Now that my shelter has been established, avoiding dehydration is my next priority. I brought a water bottle with a filter built into the lid, so this makes purifying water easy. I simply attach some paracord to the bottle so I can lower it into the pond. I would have to find an area where the water was clear. Dense algae and fallen branches are blocking most of the areas around the bank, but I find a small window. Pond water always has a funky vegetation flavor to it, even when purified. Nonetheless, the water is welcomed and needed to replenish my hydration. In all of my previous challenges, I have allowed myself to get dehydrated to the point that my hand cramped into a useless fist while building my shelter. I will not let this happen again. I drink about two full bottles and am ready for fire wood.

With a storm headed this way, I need to get as much wood protected from the rain as I can. There is a nice cubby between my bed and the ground, which will keep my wood dry. After looking at the trees in my area, I notice that several have low-hanging, dead branches. This is always the best place to get dry firewood versus gathering fallen sticks or cutting green wood. The hardest firewood to find is always the large logs and the tiny tinder. The medium sized kindling, on the other hand, is easy to find. Finding logs that you can cut efficiently without a chainsaw is tough. I have a hatchet with a small saw built into the handle, but cutting anything too large will completely wear out my arm. I find several logs about three and a half inches thick that are the perfect size. Finding tinder can be tough because small material often falls off in the wind before you can get to it. I do find lots of pencil sized sticks and medium sized wood, which was about one inch thick. After stacking it all under my bed, I am ready for the storm.

Now that I have constructed my shelter, gathered water, and found my firewood, I move on to the fourth pillar of survival, food. First, I go after the wild edibles. This is typically the easiest source of nutrition, if you know how to identify the right plants. Near a large maple tree, I find everything I need. I see broadleaf plantains, which have a large wide leaf the size of spinach and also taste a bit like spinach. There are dandelions, which have a peppery flavor. The whole plant is edible including the bloom. I also find oxalis, which is my personal favorite. Oxalis has heart-shaped leaves, small yellow flowers, and it carries a rich lemony flavor. When in a survival mindset, you quickly broaden your idea of what tastes good. As a snack for later, I collect a pocket full of Maple tree seeds. These are easy to identify and are commonly known as the helicopter seed pods. The seed in the pod is not very tasty, but it has carbohydrates and protein that make it a good snack. There is plenty of mouse-eared chickweed, but it is too close to the poison ivy for me to take a chance on it. I know I don’t want survive on leaves and seed pods alone, so I decide to do some fishing.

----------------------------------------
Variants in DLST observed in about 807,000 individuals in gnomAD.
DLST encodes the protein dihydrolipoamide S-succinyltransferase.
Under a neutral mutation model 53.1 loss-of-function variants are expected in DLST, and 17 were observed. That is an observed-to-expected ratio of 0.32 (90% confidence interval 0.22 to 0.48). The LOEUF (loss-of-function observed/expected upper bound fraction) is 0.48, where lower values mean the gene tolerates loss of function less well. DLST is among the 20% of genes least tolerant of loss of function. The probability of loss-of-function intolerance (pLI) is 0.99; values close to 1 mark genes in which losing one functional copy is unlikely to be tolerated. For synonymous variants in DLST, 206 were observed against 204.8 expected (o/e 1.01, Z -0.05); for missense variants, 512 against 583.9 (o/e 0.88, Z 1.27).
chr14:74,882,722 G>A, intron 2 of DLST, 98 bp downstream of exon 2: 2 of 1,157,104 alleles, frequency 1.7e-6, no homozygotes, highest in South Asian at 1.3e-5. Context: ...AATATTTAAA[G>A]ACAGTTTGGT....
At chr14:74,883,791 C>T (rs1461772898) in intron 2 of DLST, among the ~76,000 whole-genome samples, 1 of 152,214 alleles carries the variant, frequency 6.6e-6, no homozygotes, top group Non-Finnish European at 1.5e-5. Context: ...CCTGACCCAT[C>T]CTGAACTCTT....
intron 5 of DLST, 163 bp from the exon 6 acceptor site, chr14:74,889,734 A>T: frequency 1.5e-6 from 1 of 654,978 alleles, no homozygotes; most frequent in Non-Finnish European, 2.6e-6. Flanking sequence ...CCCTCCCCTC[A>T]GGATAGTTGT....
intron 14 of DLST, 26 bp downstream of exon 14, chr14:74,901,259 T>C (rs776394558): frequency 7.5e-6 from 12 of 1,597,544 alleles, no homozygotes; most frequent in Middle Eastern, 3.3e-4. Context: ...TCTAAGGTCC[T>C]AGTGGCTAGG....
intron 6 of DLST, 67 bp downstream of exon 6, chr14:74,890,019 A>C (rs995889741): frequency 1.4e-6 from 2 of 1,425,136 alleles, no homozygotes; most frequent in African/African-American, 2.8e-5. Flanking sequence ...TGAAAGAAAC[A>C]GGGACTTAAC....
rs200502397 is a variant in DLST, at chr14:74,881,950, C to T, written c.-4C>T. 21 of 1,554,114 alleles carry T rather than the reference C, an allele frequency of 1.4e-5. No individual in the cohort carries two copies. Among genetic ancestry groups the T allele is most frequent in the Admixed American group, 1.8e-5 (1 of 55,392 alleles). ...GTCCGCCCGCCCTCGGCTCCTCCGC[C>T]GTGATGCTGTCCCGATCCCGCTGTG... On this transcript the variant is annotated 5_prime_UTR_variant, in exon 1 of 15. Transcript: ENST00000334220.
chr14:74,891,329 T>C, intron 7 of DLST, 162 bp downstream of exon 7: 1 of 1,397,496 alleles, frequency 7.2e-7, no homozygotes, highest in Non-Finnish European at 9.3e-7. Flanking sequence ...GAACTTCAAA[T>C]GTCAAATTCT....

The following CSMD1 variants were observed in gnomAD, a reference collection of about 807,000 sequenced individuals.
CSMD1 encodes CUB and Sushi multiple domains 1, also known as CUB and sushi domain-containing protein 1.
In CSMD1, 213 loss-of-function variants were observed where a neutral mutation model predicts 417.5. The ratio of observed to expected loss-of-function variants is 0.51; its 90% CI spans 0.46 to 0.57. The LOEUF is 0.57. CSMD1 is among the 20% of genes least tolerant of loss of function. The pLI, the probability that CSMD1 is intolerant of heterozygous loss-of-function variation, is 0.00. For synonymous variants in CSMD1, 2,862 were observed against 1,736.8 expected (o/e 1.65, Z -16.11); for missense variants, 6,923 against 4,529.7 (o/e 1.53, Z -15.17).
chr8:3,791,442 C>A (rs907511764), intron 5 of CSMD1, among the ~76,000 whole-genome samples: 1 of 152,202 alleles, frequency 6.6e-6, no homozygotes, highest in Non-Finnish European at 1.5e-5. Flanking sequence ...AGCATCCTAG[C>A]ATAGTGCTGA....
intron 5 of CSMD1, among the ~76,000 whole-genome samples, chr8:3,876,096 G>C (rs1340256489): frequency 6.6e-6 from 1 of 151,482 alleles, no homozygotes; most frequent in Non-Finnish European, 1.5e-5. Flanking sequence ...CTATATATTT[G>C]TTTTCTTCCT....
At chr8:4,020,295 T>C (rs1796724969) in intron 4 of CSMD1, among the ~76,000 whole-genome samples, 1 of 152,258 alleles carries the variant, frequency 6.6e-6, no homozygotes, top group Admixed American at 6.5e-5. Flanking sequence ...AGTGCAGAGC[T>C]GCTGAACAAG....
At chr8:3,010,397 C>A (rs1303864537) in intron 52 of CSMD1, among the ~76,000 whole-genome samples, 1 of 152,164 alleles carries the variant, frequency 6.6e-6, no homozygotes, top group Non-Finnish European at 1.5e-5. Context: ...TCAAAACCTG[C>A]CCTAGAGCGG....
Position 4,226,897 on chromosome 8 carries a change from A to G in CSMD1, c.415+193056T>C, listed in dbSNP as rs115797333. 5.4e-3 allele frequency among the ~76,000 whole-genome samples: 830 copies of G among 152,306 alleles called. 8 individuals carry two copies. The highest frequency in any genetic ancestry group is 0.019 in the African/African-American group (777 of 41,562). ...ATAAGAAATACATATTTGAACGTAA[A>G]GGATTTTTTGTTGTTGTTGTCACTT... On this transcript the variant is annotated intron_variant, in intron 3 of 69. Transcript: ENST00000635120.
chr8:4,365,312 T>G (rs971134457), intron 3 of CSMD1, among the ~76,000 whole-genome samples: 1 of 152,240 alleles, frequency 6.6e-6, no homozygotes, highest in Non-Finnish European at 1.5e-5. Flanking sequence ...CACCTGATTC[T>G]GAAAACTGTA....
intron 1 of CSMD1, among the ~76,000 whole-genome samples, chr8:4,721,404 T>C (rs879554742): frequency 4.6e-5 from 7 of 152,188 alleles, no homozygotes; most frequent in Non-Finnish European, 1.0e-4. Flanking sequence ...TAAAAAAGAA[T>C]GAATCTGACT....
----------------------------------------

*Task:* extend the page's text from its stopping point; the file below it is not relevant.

Fishing can be a challenge even with the proper gear. I didn’t have a rod and reel, but I did have my Pocket Fisherman. Despite it only being about nine inches long, I hope that the Pocket Fisherman will be effective. A small rod extends out doubling the length. It actually has two separate rods built into one to allow more strength for bigger fish. It has a standard reel built-in. There is also a small compartment in the handle for lures. During my challenge prep, I had rigged some plastic worms with hooks so the compartment came in handy. In my prepping, I read that right before a storm, the low barometric pressure allows a fish’s stomach to expand and make them feel hungrier. This makes them more apt to feed during this time. Fish are also more likely to feed following a storm, because of all the insects and worms that the rain washes into the water. In the first few casts, I know the fish are active. After about 30 minutes, I set the hook in a monster bass. It doesn’t put up much of a fight, and I pull it in easily. At about four and a half pounds, it will make for a good meal. I don’t plan to build a fire until just before dark to preserve wood, so I put the giant on a makeshift stringer through his bottom lip and throw him back in the water. Recently, I learned that running a stringer through the lip instead of the gills will keep the fish alive for several more hours. Finding any meal is a win, but finding protein is a game changer.